Drafting an estate plan has become an important step for individuals in California and elsewhere to take. While it is also a process that many seek to avoid until later in life, it has been proven to be an essential and necessary step to take as soon as possible. While that means taking the time to think about your death and what will happen following your death, failing to take the time to address this uncomfortable topic could prove to be problematic and harmful when it comes to your heirs and beneficiaries dealing with your estate after your passing.
One important estate-planning document to consider is a trust. These can come in a variety of forms, serving various purposes. Thus, those considering this document should understand how they could best supplement your estate plan and serve your best interests.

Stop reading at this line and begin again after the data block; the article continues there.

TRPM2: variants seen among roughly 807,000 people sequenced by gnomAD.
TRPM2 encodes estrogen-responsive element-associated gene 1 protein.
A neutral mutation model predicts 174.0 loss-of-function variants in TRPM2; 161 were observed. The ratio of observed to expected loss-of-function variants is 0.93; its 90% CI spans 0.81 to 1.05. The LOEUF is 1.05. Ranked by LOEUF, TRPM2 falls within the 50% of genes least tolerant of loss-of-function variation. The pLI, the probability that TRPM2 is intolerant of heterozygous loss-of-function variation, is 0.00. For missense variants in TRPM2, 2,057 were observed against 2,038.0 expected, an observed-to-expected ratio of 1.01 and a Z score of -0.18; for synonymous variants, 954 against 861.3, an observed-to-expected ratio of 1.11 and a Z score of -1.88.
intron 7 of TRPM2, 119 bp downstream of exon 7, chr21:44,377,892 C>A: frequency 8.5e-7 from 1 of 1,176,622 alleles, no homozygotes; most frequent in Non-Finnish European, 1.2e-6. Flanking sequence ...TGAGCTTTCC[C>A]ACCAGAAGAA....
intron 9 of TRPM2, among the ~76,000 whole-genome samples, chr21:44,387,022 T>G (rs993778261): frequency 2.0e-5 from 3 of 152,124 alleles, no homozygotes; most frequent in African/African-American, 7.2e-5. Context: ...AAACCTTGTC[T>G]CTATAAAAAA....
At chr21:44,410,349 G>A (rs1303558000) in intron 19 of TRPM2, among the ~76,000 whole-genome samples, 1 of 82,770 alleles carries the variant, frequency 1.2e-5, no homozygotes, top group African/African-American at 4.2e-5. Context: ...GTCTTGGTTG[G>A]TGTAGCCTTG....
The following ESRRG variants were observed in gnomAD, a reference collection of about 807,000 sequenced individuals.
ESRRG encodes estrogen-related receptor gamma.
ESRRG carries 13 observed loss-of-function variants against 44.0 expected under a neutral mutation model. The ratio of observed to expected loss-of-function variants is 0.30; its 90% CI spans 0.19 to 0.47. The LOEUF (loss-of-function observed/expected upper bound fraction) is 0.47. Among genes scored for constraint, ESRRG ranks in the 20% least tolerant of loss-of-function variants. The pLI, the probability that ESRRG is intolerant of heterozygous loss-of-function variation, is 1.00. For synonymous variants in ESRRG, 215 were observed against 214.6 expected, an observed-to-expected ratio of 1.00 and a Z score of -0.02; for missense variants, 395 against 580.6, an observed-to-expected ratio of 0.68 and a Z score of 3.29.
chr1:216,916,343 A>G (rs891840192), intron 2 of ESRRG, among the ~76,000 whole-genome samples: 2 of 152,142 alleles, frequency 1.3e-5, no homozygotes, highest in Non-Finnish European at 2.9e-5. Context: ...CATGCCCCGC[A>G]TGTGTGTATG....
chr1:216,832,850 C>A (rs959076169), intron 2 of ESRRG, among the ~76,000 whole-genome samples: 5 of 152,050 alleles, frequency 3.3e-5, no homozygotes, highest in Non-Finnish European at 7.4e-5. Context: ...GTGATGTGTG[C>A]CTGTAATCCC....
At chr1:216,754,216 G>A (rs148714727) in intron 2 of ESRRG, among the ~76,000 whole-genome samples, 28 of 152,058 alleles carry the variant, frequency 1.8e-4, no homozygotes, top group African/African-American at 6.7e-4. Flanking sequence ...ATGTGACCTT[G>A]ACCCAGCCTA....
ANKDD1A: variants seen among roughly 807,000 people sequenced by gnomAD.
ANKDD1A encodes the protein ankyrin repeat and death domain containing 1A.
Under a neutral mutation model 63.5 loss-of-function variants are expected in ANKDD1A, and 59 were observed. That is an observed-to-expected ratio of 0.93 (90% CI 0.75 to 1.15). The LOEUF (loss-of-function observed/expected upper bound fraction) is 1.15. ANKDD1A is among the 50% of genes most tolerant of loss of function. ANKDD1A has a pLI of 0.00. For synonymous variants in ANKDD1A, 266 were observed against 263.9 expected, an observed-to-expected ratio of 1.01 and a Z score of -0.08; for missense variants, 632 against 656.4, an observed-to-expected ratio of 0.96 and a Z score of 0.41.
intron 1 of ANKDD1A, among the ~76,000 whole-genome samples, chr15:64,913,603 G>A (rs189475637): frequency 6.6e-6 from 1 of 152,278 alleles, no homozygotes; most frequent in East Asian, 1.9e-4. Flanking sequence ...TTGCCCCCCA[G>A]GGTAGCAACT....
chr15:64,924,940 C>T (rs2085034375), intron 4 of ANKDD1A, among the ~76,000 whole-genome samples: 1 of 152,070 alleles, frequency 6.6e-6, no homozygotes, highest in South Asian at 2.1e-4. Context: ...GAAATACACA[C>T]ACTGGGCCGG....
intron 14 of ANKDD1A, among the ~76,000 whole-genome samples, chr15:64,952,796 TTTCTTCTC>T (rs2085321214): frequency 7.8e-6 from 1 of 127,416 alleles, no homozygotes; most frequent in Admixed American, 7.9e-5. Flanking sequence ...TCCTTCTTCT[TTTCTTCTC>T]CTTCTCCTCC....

Take for example a testamentary trust. This trust is a type of express trust and is either written into a will or is a separate document that is incorporated into a will by referring to it in the will document. A testamentary trust is used to protect assets, specifically from the immaturity of minor beneficiaries and other family members. In order for this type of trust to be effective, a trustee must be designated and the trust must be referred to in the individual's final version of their will. If all necessary terms are cited, then the trust will be developed upon the settlor's death.
Drafting an estate plan can be a complex process. Many documents could be involved and various actions for protection could be taken. Thus, it is not only important to understand what an estate plan could contain but also note how to properly and effectively complete the necessary documents.
Source: Findlaw.com, "Placing a Testamentary Trust in a Will," accessed Oct. 1, 2017